Issue: 2017 > March > photo quiz

A rare but lethal yeast…

J. Heidt, L.J. Bakker
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A 76-year-old patient was admitted to the intensive care unit (ICU) with respiratory distress. He was of Moroccan descent and had recently been diagnosed with a diffuse large cell B-cell non-Hodgkin lymphoma. He received his second chemotherapy (R-CHOP) 20 days prior to this admission, both times developing profound neutropenia (maximum decline of neutrophilic granulocytes to 0.15 x 109/l). Physical examination showed a tachypnoeic patient using his accessory respiratory muscles to breathe, his respiratory rate was 25/minute, SatO2 95% with 12 litres/ minute oxygen, blood pressure of 140/60 mmHg, heart rate of 95/minute and a tympanic temperature of 35.4 °C. On auscultation of the lungs we noticed some crackles and mild bronchospasm. Blood gas analysis showed metabolic compensated respiratory acidosis (pH 7.36, pCO2 9.2 kPa, HCO3- 39.1 mmol/l, base excess 12.7 mmol/l) and hypoxia (pO2 6.9 kPa, SatO2 83%). CT imaging of the chest showed diffuse bilateral lung consolidation and ground glass opacity.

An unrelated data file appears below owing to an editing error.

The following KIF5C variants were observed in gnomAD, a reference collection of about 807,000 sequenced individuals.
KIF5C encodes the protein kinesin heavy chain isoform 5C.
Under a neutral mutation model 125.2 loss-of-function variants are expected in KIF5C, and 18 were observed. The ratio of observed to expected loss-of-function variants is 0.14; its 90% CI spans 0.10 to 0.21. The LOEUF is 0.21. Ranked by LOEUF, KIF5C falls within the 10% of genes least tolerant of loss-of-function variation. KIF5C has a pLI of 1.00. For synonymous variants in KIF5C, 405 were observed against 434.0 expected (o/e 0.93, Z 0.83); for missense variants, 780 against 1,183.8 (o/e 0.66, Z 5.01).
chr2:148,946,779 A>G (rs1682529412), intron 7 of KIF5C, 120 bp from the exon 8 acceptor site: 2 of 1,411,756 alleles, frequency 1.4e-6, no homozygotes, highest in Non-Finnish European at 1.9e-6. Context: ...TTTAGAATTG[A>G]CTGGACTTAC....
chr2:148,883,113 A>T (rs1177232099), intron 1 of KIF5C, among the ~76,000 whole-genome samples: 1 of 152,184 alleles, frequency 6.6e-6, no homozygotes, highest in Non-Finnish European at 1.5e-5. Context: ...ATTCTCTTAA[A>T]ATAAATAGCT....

A bronchoscopy with bronchoalveolar lavage (BAL) was done prior to ICU admission. Due to the immunocompromised status of this patient, broad-spectrum empirical therapy had been commenced, with amoxicillin, ceftazidime, voriconazole and co-trimoxazole. Cultures of the BAL liquid showed high numbers of yeast strings, as shown in figure 1.